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I'm familiar with this syntax:

cat << EOF | cmd

but just discovered that bash allows me to write:

cat << EOF |

(the heredoc is used as input to cmd). This seems like a very odd syntax. Is it portable?

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+1 for interesting notice, I didn't knew that! –  TMS Aug 12 '11 at 21:17
Of course, that's a Useless Use of Cat; you can just write cmd <<EOF. partmaps.org/era/unix/award.html –  tripleee May 21 '12 at 4:12
I would argue that this is not UUOC, since cmd <<EOF completely fails to demonstrate the question! Perhaps cmd << EOF | cmd2 would be more appropriate. –  William Pursell Mar 13 '13 at 16:30
I came here to find a good way of splitting this into multiple lines: big-long-command1 with lots of args << EOF | big-long-command2 with lots of args. The "odd syntax" seems like the best way. –  PaulC Dec 30 '14 at 21:02

3 Answers 3

up vote 29 down vote accepted

Yes, the POSIX standard allows this. According to the 2008 version:

The here-document shall be treated as a single word that begins after the next <newline> and continues until there is a line containing only the delimiter and a <newline>, with no <blank> characters in between. Then the next here-document starts, if there is one.

And includes this example of multiple "here-documents" in the same line:

cat <<eof1; cat <<eof2

So there is no problem doing redirections or pipes. Your example is similar to something like this:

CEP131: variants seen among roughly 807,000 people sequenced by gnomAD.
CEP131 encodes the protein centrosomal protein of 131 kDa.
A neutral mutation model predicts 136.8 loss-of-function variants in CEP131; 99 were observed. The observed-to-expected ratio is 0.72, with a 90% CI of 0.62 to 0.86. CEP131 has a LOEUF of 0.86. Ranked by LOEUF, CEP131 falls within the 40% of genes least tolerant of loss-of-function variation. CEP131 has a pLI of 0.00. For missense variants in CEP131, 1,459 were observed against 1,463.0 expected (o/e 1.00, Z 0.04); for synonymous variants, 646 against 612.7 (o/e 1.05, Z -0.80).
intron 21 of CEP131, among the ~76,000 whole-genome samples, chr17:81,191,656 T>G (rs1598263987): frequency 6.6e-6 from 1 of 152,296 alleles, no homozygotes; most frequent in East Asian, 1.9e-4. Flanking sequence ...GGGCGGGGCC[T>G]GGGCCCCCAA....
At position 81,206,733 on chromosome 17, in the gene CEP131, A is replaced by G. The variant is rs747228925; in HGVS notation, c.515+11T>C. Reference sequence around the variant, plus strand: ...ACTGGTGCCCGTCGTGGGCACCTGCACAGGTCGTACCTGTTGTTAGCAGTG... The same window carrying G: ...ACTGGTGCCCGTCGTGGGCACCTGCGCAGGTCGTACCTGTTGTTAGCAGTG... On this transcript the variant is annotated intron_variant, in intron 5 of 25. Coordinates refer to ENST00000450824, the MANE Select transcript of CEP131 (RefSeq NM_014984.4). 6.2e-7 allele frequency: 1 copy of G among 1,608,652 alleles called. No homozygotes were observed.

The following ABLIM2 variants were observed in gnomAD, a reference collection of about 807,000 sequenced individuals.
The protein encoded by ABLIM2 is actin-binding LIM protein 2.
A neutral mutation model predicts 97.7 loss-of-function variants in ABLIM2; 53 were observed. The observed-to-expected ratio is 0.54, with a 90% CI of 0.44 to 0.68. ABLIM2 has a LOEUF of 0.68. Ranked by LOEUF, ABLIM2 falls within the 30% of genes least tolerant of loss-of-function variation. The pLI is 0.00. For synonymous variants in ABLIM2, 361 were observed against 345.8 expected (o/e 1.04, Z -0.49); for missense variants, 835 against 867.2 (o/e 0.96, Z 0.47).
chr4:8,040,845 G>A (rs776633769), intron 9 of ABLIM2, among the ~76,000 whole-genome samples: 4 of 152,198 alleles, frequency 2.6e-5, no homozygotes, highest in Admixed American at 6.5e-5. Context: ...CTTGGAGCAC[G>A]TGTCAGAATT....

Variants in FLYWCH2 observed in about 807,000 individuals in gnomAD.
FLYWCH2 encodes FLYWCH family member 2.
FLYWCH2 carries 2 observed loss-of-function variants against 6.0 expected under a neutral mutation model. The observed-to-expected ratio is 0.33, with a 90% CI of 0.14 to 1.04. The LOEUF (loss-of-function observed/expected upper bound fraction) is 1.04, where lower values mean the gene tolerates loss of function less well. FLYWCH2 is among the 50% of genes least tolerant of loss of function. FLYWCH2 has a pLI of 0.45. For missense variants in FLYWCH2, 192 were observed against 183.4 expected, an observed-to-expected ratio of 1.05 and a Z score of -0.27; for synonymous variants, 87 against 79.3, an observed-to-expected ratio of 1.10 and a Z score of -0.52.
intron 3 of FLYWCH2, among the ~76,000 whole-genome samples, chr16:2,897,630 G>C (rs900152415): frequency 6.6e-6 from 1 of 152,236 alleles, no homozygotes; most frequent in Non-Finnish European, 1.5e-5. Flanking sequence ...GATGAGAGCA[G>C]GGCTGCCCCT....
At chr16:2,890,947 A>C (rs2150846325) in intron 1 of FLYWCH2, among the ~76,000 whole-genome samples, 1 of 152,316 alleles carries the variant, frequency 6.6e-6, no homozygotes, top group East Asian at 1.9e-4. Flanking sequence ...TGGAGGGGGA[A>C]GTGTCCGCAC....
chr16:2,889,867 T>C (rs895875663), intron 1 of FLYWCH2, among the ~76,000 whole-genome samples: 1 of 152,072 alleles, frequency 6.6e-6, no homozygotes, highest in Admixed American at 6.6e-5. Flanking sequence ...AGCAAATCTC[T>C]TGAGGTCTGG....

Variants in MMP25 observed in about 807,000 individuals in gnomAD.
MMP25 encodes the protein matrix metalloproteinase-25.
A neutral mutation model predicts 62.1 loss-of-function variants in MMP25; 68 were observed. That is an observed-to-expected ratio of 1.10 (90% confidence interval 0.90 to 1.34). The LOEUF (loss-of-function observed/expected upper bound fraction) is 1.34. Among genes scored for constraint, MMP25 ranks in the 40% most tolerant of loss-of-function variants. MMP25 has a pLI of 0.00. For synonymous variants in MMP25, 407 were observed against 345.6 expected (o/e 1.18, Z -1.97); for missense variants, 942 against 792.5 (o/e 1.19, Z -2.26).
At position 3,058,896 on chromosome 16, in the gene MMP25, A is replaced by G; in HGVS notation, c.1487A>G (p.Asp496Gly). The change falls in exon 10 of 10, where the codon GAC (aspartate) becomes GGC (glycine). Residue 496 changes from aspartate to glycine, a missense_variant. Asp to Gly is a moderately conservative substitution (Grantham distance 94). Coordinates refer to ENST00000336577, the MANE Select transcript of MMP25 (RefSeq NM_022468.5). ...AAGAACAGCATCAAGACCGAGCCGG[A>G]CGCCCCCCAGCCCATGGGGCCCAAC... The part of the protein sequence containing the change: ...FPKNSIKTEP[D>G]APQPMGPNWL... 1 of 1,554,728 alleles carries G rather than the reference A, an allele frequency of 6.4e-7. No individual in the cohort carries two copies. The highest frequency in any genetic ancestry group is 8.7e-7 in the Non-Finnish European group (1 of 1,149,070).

cat file |

And the shell grammar (further down on the linked page) includes these definitions:

pipe_sequence    :                             command
                 | pipe_sequence '|' linebreak command

newline_list     :              NEWLINE
                 | newline_list NEWLINE
linebreak        : newline_list
                 | /* empty */

So a pipe symbol can be followed by an end-of-line and still be considered part of a pipeline.

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Hmm, I suppose yes, according to the test in bash in POSIX mode:

$ bash --posix
$ cat <<EOF |
> ahoj
> nazdar
> sed 's/a/b/'
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works in dash too –  glenn jackman Aug 12 '11 at 22:15

Yes it's in the POSIX shell grammar. You can also have more than one here-doc for the same command (some other examples use two cat invocations, but this works as well):

cat <<EOF1 <<EOF2
first here-doc
second here-doc

This is contrived (using 2 here-docs for stdin), but if you think of providing input for different file descriptors it immediately makes sense.

There's also the possibility to drop the cat entirely. Why not make the here-document directly available to cmd:

cmd << EOF
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